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GATS, Term 3, Maths
Transcript of GATS, Term 3, Maths
By Ruby Kopsiaftis
Leonardo Pisano Bigollo
Leonardo pisano bigollo was a famous Italian mathematician. Leonardo was best known as Fibonacci. Fibonacci's first major work was the 'Liber Abbaci' (In English it is known as the book of calculations). Liber abbaci showed the practical importance of the new number system, Hindu-Arabic's. He was the one who spread the Hindu–Arabic number system over Europe and without him doing that European tradesmen and scholars would still be using old Roman numerals. Modern maths would have been impossible to Europeans if they hadn't changed to Hindu-Arabic number system!He is also well known for inventing the Fibonacci sequence. The Fibonacci sequence starts at one and adds the previous two numbers together to make the next number (0, 1, 1, 2, 3, 5, 8, 13, 21, 34, 55, 89, 144, 233). It was discovered in 1202, the same year that the Liber Abbaci was published! The Fibonacci sequence can be used in many different ways like in mathematics,
science and art!
Blaise Pascal was a French mathematician, inventor, writer and Christian philosopher! In Mathematics he was very well known for inventing the Pascal Triangle. The Pascal Triangle is like a pyramid that starts at the top and works it's way down. It can be found in maths and nature!!!!!!!!!!!!
The two numbers above get added together to make the number below and if it is the first number or one of
the numbers on the side of the triangle there is
nothing to plus it with so it just stays the
Sam Loyd was raised in New York. He was a
chess player, chess composer, puzzle creator, and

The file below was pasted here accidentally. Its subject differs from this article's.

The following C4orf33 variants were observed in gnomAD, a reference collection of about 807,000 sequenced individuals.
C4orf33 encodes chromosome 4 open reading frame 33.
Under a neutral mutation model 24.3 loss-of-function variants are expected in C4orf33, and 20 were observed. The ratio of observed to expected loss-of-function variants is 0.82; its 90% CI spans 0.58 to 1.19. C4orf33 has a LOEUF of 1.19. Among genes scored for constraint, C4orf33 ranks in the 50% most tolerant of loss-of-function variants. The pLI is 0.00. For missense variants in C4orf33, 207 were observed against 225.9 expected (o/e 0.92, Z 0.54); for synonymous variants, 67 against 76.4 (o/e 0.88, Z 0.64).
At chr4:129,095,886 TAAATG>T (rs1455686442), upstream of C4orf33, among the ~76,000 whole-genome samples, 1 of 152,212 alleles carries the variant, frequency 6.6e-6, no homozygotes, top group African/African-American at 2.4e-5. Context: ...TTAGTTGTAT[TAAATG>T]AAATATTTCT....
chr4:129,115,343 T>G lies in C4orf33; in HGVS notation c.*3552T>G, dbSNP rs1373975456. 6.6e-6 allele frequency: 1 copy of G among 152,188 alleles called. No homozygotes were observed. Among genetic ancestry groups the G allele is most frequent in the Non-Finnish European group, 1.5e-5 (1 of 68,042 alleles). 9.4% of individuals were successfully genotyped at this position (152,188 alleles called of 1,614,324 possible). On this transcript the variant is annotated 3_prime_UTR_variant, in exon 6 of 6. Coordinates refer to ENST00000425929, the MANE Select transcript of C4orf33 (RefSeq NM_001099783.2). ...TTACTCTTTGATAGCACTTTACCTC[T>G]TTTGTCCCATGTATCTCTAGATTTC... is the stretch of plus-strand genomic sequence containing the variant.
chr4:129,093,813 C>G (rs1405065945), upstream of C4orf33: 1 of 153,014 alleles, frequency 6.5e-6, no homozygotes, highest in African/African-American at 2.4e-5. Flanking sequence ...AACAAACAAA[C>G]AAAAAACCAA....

he was also a recreational mathematician. Out of these four things to most people Sam was best known as a puzzle creator and a chess star not so
much as a mathematician. He was also quite well known
for stealing other peoples puzzles and then publishing them under his own name. He did this with a puzzle called the 14–15 Puzzle which was a little box of movable pieces. Sam also used to work with another puzzle creator called Henry Dudeney and soon after they started to work together Henry accused Sam of stealing their puzzles and then going and publishing them under only his (Sam's) name.
Fibonacci Sequence in Nature
The Fibonacci sequence can also be found in nature...
Like this flower has one petal...
and this one has two petals...
and this one has three petals...
and this one has 21 petals!
These numbers are all part of the Fibonacci sequence!
This is the formula for the Fibonacci sequence...
n= 0 1 2 3 4 5 6 7 8 9 10 11 12 13 14
x= 0 1 1 2 3 5 8 13 21 34 55 89 144 233 377
x= n-1 + n-2
The triangle starts at the top. The row at the
top is 'row 0' and that contains one number, the number one. If all of the numbers outside the triangle are zero then you would do 1 + 0 = 1 so then in row 1 (the second row down) you would put two one's. You would do the same for row 2 and row 3 and all the other rows!
Row 0 = 1+0=1
Row 1 = 1+0=1 1+0=1
Row 2 = 1+0=1 1+1=2 1+0=1
Row 3 = 1+0=1 1+2=3 1+2=3 1+0=1
Row 4 = 1+0=1 1+3=4 3+3=6 1+3=4 1+0=1
The Pascal Triangle is related to the Fibonacci Sequence!!!
Sam was called many
things, good and bad, in his time.
Martin Gardner called him "America's greatest
puzzler" and The Strand called him "the prince of puzzlers". Mel Stover called Sam "an old rascal" and
Matthew Costello called Sam "puzzledom's greatest celebrity...popularizer, genius" but also "fast-talking, snake oil salesman".
Sam's Many Names
Sam Loyds Puzzles
The Pony Puzzle - Trick Mules - Trick Donkeys
A Question of Time
Covent Garden Problem
Great Picnic Puzzle
Guess the Boy's Age
There are many, many more puzzles and just after Sam died his son published a book with over 5000 of his puzzles in it!!!
Le Corbusier was born on the 6th of